A new study adds to growing evidence linking Parkinson's disease (PD) with inflammatory bowel disease (IBD). Researchers at the Icahn School of Medicine at Mount Sinai in New York City found people with IBD are at a 28 percent higher risk of developing PD than those without IBD.
The study, published in JAMA Neurology, also suggests taking a common IBD treatment known as anti-Tumor Necrosis Factor (anti-TNF) may reduce the risk of Parkinson's. IBD patients who received anti-TNF therapy were 78 percent less likely to develop PD compared with patients who didn't receive the treatment.
Anti-TNF therapy blocks a protein that promotes inflammation. While the exact way in which PD develops among people with IBD is still unknown, PD is associated with inflammation and digestion problems. Some studies have suggested that PD may involve inflammation that begins in the intestine decades before progressing to the central nervous system.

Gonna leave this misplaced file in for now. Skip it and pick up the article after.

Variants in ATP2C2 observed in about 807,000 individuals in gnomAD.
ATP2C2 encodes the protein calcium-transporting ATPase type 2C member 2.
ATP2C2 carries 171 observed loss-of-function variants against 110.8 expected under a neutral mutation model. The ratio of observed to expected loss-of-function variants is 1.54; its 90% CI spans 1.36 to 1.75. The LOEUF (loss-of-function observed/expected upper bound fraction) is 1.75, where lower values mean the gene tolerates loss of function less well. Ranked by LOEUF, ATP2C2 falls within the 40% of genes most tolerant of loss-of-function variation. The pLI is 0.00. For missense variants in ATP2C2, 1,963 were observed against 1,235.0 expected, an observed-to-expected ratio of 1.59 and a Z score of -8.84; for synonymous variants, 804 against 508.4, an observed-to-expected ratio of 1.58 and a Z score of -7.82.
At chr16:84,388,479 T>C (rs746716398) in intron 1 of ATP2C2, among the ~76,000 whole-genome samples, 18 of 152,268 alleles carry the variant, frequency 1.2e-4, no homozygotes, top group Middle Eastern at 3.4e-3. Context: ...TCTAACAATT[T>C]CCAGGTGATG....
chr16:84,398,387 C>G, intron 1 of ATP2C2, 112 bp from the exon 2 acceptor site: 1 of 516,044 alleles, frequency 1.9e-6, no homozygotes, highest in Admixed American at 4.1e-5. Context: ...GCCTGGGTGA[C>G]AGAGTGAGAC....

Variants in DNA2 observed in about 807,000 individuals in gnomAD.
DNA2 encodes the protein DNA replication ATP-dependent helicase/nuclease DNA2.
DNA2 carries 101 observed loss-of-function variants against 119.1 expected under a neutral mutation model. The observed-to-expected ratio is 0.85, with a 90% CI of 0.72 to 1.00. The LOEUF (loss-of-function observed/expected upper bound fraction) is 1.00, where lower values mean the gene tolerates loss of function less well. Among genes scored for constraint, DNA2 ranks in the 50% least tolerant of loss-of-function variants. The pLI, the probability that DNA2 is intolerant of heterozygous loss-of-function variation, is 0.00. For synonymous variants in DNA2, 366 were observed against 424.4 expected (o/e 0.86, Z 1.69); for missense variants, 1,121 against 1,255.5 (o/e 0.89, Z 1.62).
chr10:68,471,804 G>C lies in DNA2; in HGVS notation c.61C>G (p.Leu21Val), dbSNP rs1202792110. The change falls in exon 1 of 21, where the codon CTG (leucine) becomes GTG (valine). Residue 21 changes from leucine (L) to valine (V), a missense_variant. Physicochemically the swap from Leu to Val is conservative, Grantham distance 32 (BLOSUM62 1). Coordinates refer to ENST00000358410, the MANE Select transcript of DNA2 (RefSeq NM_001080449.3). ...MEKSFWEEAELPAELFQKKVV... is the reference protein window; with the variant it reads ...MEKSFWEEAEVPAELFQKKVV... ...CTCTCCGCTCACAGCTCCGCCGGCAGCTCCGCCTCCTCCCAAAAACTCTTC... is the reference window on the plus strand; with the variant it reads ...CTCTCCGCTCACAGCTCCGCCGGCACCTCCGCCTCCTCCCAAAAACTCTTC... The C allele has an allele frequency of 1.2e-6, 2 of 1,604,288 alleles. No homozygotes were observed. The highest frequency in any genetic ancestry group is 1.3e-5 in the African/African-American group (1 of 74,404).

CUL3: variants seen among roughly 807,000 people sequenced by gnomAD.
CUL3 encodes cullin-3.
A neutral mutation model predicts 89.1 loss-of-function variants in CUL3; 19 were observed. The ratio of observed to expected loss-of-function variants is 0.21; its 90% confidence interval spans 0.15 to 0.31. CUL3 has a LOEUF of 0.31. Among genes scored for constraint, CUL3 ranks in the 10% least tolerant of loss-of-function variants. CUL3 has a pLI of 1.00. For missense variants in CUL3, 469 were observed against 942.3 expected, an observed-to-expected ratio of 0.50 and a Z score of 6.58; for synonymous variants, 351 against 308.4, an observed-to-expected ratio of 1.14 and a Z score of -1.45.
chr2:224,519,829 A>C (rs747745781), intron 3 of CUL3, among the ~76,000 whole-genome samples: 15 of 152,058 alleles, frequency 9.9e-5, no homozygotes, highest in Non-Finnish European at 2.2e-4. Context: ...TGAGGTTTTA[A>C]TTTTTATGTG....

The new study's insights will allow for better screening for IBD patients for PD, since the onset of IBD usually begins decades before PD develops, the researchers wrote. The study, which included data from 144,018 people with IBD and 720,090 people without the disease, also offers evidence to support exploring anti-TNF therapy to prevent PD in at-risk individuals.
Knowing more about the link between IBD and PD may help scientists better understand both diseases and may have significant implications for the treatment and prevention of PD. Further studies are required to determine whether anti-TNF treatment may reduce the risk of developing PD.
The Michael J. Fox Foundation is funding lead researcher Inga Peter, PhD, to expand on these findings, looking across existing studies and registries (including the MJFF-led Parkinson's Progression Markers Initiative) for more information on the impact of anti-inflammatory therapies on PD.
That study also will look for genetic commonalities between PD and IBD. Peter led another recent study that found mutations in the LRRK2 gene, which are associated with PD, also are linked to Crohn's disease, a type of IBD.
Celia Vimont is a freelance writer.